“XXV. Of the Sacraments.  Sacraments ordained of Christ be not only badges or tokens of Christian men’s profession, but rather they be certain sure witnesses, and effectual signs of grace, and God’s good will towards us, by the which he doth work invisibly in us, and doth not only quicken, but also strengthen and confirm our Faith in him.”  (2)

 

“What do United Methodists mean when they call this act a sacrament?  Our Confession of Faith states: “We believe the sacraments, ordained by Christ, are symbols and pledges of the Christian’s profession and of God’s love toward us. They are means of grace by which God works invisibly in us, quickening [bringing to life], strengthening and confirming our faith in him. ”  (3)

530    Many Christians take their time and have leisure enough in their social life (no hurry here). They are leisurely, too, in their professional activities, at table and recreation (no hurry here either). But isn’t it strange how those same Christians find themselves in such a rush and want to hurry the priest, in their anxiety to shorten the time devoted to the most holy sacrifice of the altar?  (4)

 

Yesterday I had the great blessing of going back to my alma mater, and teaching a class on the Lord’s Supper (also known as the Eucharist and Holy Communion)   it was really a good experience for me, and I think I caused some of the students to think.

I started the class with my own “personal theology” regarding the Lord’s Supper.   I’ll briefly state it here:

You have a 16 oz cup that contains 8 ounces of wine.  Do you:
(1)  Agree and argue the position alongside the optimists that it is the Body and Blood of our Lord and Savior.
(2)  Agree and argue the position that it is only grape juice, and it only is a act of faithful obedience….

(pause)

or (3) find some bread and with the people of God celebrate (give thanks)  the gift of God given to the people of God as you commune with Him?

As always, there is a third choice, as I I thought through the lesson, I was struck by something truly astonishing.  While the sacramental churches disagree on what I would call the mechanics of the Lord’s Supper – exactly how and when and in which ways the bread and wine are the Body and Blood of Christ, they don’t disagree that the Eucharist has a dramatic and transforming effect on those who trust in Jesus, on those in a relationship with Him.

For it is highly effective, and as a means of grace, brings into our lives so much, it is a wonder that anyone would ever avoid it, or not be glad to celebrate it.

The challenge is that how it affects us is not academic, or philosophical, but rather deeply spiritual, and if I dare us the word, emotional.

Maybe that is why we can’t agree on the mechanics, but can agree on its effect.  We can’t academically and logically dissect the Bread and Wine, we can’t scientifically prove the presence of God there… and our post-enlightenment minds struggle with what we can’t forensically prove, what we can’t observe and demonstrate in regards to the elements.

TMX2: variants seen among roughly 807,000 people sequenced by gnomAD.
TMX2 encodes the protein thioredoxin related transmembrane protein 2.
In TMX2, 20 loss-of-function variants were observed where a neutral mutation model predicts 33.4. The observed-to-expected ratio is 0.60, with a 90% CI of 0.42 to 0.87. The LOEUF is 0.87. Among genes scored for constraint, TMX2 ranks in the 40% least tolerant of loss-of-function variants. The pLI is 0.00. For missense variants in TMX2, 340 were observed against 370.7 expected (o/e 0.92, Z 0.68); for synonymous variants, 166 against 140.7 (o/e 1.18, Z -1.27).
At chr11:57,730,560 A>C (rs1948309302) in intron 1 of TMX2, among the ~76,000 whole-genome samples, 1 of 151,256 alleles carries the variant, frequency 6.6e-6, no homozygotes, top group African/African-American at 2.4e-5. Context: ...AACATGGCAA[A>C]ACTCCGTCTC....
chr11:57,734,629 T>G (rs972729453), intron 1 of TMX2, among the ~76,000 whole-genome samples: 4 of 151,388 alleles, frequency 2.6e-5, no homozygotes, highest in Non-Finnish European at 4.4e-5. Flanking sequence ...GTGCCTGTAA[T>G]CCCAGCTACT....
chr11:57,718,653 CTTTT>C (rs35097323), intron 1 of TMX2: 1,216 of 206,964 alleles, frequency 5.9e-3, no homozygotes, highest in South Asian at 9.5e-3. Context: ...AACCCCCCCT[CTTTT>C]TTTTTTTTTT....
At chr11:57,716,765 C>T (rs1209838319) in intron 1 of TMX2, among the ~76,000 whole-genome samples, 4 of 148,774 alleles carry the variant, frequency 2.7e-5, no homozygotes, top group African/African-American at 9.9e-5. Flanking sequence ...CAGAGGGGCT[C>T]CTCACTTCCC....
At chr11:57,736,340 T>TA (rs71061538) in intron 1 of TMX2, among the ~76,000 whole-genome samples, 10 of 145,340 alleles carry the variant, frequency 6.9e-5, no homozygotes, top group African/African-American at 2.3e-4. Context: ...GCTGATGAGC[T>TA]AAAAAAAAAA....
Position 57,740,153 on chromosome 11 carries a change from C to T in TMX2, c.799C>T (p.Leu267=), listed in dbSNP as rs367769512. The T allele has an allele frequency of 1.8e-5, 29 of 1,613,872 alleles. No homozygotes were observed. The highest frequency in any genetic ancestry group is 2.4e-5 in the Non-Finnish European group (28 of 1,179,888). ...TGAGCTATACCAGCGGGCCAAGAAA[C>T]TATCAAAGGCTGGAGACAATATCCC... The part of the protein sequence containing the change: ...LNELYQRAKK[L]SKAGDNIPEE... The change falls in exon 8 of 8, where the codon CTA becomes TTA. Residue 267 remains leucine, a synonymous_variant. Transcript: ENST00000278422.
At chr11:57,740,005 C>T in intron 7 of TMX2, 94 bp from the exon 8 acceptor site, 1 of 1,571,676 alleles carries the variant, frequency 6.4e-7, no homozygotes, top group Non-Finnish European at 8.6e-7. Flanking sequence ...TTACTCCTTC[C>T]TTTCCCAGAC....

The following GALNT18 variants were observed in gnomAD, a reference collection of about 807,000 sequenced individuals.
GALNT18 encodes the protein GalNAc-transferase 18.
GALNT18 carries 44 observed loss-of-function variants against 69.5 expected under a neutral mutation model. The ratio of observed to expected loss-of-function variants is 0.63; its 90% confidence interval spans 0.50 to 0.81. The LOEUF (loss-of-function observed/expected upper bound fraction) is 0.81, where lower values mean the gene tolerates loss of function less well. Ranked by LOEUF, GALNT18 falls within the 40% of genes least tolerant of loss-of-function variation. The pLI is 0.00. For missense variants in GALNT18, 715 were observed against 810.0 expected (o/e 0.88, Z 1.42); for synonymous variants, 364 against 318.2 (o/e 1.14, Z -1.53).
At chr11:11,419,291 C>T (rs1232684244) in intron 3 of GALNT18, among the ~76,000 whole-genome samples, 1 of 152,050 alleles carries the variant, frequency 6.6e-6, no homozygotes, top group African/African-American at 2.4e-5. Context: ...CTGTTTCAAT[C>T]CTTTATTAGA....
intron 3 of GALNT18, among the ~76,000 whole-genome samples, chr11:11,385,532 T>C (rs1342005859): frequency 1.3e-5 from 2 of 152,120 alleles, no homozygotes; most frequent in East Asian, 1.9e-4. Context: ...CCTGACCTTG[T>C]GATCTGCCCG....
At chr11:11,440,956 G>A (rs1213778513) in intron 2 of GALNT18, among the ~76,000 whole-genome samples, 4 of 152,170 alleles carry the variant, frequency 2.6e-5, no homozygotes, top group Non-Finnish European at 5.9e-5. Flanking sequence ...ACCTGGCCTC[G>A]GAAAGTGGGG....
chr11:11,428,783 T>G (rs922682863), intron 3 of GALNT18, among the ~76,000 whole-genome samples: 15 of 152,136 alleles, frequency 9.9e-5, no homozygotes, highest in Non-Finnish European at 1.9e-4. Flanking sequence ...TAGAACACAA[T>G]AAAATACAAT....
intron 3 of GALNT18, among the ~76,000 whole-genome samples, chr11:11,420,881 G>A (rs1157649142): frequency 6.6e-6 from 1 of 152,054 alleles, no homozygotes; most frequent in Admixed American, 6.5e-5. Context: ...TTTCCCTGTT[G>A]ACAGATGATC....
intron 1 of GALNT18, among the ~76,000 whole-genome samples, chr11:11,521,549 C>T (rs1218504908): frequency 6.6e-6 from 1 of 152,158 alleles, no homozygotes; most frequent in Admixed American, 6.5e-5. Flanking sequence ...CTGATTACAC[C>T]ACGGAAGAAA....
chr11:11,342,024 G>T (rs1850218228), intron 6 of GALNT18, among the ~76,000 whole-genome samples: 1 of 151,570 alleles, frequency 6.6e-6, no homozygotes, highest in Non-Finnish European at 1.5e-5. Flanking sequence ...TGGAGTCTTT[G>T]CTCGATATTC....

It’s not knowing about God that is important when it comes to the sacraments, it’s about knowing Him.  About realizing the depth of His love, the “sure-ness” of His presence, of resting in His comfort and peace, of being in community with Him, every part of us.

Melanchthon (author of the first quote from the Lutheran Apology of the Augsburg Confession) was absolutely right – this is about God’s work in our hearts.  Like the very word of God it cuts our hearts open and circumcises them, cleansing us, as in our baptism – of the sin which ensnares us.  Bathing us in God’s presence, His glory, His love, and bringing healing to our very hearts, our very souls.  It is God working in us, the power of the Holy Spirit transforming us into the image of God – as the sacrament ( the physical element and the word of God – takes hold of us. ) is there.

I didn’t include the RCC quote I used – because of its length, but instead a quote from St Josemaria Escriva, a favorite writer of mine.  I can begin to understand their practice of adoration and contemplation about the “mystery” of this  – the bread and wine, the body and blood of Christ.  Of sitting silently in wonder at the depth of God’s love, at the incredible power of the Holy Spirit within us, to take the time to think through what we’ve shared in, this body and blood, this precious gift, that causes faith to well up within us.   For far too often as he points out – we rush through such times – we want to get it done, move through it.  Yet think about a good meal – bacon wrapped bacon wrapped shrimp for example.  You want to savor the smell, the enviroment, the flavor.  Could we take such a time with the Lord’s Supper as well, to let the moment nourish our hearts longer – to set aside our intellect and realize how precious it is, that God comes to us, that He is here?  To realize the Spirit’s work in us, drawing us to Him, transforming us, healing us, taking our burdens…